Thursday, August 26, 2010

Dorsal Fins Surround White House

Dorsal Fins Surround White House
Jonah Goldberg

You've got to wonder when White House political guru David Axelrod will look at the churning pools of poll data and, like Chief Brody in "Jaws," say: "We're gonna need a bigger boat."

The analogy isn't quite right, because in the movie, the shark ultimately loses. It's hard to imagine a scenario where Barack Obama and Axelrod victoriously paddle away on the flotsam of their own political wreckage. But in one sense, the analogy works just fine: This White House is rudderlessly lost at sea and inadequate to the challenges it faces.

At the beginning of the year, retiring seven-term Rep. Marion Berry, D-Ark., recounted a conversation he had with the president. Obama's unrelenting push for health-care reform in the face of public opposition reminded Berry of the Clinton-era missteps that led to the Republican rout of the Democrats in 1994. "I began to preach last January that we had already seen this movie and we didn't want to see it again because we know how it comes out," Berry told a newspaper.

Or, to quote Brody in "Jaws 2": "But I'm telling you, and I'm telling everybody at this table that that's a shark! And I know what a shark looks like, because I've seen one up close. And you'd better do something about this one, because I don't intend to go through that hell again!"

Convinced that his popularity was eternal, Obama responded by saying, yes, but there's a "big difference" between 1994 and 2010, and that big difference is "you've got me."

The funny thing is, Obama might have been right. Because things might be much worse for Democrats in 2010 than they were in 1994 -- and the big difference might well be Barack Obama.

In fairness, the biggest difference is probably the economy, which in political terms should be fitted for a pine box. Of course, Mr. Credibility, Joe Biden, says it's doing great, sounding a bit like the shopkeeper in the Monty Python "Dead Parrot sketch" who insists the bird's "just resting."

In 1994, when the Contract with America Congress took control, the jobless rate was 5.6 percent. Today it's 9.5 and may well climb higher. More than 18 percent of people who want full-time work can only find part-time jobs. Consumer confidence is falling again, housing sales recently hit a 15-year low, the stock market is off 11 percent since its April highs for the year.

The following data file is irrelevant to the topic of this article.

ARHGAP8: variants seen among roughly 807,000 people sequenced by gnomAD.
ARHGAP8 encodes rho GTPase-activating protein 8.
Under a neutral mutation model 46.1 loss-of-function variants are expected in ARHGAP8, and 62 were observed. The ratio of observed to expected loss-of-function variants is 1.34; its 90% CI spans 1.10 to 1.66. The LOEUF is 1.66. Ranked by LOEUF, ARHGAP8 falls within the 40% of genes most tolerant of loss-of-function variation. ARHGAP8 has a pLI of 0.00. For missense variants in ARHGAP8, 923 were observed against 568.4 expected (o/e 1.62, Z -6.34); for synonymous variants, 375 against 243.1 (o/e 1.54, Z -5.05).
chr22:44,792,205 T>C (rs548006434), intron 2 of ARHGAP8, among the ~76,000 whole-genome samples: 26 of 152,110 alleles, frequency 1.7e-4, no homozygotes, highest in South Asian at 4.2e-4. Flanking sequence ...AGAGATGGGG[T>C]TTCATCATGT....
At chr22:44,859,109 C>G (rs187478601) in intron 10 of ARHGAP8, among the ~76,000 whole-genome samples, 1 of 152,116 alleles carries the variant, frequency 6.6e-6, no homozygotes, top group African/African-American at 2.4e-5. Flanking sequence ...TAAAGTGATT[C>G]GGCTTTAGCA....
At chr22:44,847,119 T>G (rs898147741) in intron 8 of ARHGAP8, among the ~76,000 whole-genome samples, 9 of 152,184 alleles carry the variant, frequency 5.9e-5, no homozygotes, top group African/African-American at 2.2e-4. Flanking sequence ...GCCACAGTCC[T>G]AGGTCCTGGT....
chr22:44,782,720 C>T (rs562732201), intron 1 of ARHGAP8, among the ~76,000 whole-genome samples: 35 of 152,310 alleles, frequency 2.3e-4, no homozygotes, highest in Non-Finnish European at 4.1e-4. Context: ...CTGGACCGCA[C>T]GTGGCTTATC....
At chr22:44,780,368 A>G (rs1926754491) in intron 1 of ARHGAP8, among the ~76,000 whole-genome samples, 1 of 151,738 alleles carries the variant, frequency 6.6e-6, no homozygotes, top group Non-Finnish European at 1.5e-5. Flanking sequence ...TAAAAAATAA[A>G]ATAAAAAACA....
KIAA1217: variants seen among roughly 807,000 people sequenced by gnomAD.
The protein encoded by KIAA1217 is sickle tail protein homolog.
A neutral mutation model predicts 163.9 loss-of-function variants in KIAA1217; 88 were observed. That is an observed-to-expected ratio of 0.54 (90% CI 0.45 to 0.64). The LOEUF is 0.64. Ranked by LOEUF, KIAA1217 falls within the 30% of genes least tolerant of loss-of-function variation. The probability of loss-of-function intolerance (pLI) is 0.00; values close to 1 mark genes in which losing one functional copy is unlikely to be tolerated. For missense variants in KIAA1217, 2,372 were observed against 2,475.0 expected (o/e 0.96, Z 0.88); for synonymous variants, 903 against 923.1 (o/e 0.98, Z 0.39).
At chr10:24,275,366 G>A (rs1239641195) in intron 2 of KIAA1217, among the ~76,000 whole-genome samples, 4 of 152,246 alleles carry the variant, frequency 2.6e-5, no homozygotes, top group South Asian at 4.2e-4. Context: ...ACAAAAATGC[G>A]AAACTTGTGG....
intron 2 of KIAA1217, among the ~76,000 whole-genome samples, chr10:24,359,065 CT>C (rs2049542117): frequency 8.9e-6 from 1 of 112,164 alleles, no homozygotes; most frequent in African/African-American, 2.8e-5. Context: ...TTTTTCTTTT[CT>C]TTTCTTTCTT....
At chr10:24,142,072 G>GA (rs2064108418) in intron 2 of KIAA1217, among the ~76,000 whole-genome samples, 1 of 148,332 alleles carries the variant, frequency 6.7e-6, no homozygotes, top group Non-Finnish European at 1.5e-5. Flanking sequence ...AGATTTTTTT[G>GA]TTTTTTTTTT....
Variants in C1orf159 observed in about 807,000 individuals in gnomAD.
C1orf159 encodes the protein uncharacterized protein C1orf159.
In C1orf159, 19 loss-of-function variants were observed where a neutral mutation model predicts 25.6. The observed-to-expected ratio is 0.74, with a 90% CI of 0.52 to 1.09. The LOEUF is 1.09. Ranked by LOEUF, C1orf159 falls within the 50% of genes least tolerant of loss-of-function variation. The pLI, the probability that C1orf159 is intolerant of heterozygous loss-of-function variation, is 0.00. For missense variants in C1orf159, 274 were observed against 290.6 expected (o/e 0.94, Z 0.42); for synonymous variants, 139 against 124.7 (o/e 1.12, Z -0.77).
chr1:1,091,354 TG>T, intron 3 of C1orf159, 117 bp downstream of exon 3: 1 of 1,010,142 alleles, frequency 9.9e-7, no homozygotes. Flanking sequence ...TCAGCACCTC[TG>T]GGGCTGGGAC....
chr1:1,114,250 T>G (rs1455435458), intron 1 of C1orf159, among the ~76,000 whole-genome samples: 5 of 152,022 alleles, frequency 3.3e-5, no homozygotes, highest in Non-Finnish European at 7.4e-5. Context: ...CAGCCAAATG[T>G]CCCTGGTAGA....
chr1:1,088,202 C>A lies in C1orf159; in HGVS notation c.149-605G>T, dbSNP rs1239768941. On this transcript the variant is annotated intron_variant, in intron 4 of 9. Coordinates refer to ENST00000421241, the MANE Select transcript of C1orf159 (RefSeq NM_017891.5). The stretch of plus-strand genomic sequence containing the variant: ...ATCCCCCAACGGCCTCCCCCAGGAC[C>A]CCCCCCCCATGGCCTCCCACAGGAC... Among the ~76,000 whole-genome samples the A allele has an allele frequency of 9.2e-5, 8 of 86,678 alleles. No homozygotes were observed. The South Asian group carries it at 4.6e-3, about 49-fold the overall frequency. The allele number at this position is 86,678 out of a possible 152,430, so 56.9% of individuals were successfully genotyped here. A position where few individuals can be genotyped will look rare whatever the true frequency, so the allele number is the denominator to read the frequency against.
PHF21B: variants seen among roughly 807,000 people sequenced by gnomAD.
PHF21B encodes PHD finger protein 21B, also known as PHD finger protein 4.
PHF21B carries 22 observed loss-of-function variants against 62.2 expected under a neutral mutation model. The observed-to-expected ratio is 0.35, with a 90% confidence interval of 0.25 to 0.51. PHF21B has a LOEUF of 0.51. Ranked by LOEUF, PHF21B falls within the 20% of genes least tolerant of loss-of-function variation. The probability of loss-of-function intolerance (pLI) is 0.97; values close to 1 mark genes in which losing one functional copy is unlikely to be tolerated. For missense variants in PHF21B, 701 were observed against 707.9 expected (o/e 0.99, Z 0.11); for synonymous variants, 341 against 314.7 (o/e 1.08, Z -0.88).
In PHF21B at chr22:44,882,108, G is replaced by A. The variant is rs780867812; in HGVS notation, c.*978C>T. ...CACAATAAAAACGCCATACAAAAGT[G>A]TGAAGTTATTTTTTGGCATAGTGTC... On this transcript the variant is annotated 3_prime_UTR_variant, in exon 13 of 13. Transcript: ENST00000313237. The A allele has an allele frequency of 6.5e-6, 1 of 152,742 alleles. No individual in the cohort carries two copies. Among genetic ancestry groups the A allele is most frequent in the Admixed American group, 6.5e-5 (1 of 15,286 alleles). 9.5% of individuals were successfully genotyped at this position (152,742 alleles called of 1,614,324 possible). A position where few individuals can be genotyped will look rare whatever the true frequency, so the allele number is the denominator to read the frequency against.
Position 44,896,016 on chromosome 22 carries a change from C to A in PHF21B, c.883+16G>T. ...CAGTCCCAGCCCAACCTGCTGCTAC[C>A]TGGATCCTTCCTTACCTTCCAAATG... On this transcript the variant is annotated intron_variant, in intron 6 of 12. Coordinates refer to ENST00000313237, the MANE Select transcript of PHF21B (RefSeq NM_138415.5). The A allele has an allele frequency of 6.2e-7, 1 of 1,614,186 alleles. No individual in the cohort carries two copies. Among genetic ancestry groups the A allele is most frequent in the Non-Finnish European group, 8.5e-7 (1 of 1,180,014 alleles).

While some people -- such as yours truly -- think Obama and the Democrats deserve much of the blame for the worsening economy, one can be agnostic on all that and recognize that voters have lost faith in the Democratic Party (which is not quite the same thing as saying they have bottomless respect for the GOP). The congressional generic ballot -- asking which party voters prefer -- is as bad for Democrats today as it was in 1994. Stu Rothenberg, editor of the Rothenberg Report -- not exactly an RNC direct-mail operation -- says Obama's approval rating (already below 50 percent) will likely rival Clinton's in November of 1994. Already, Democrats in tight races, including the Senate majority leader, are distancing themselves from the White House, and pretty much everyone has stopped trying to make lemonade out of the ObamaCare lemon.

Moreover, Obama has lost his connection with the American people. He's aloof without inspiring confidence. On issue after issue -- terrorism, immigration, the oil spill, the environment and the ground zero mosque -- he seems determined to craft his responses in a way that will annoy the most people possible.

Liberals are frantically trying to explain away Obama's problems. Some want to protect their investment in Obama, and some want to protect their investment in liberalism. So some claim that his mistakes stem from not being progressive enough, while others insist that he's played his cards right, but we need to wait a bit longer for the payoff.

I'm dubious on both counts. Obama has delivered massively for progressives, and it strikes me as idiotic to say that if he only squeezed a bit more liberalism into his first two years, everything would be better. Moreover, I don't think the payoff is coming, because I think the policies are wrong.

But, again, that's an argument for a different day. What's clear right now is that the president who claimed to be the personification of a world-historical moment has clearly misread his mandate, the mood and the moment. He's lost at sea, and not even a bigger boat will save him.

To read another article by Jonah Goldberg, click here.
Obama's Epic Failures
Donald Lambro

WASHINGTON -- Barack Obama returns from his August vacation with a growing pile of problems facing him on just about every front. The economy is in a nosedive, his party is on the brink of losing its majority and the country is losing faith in his ability to lead.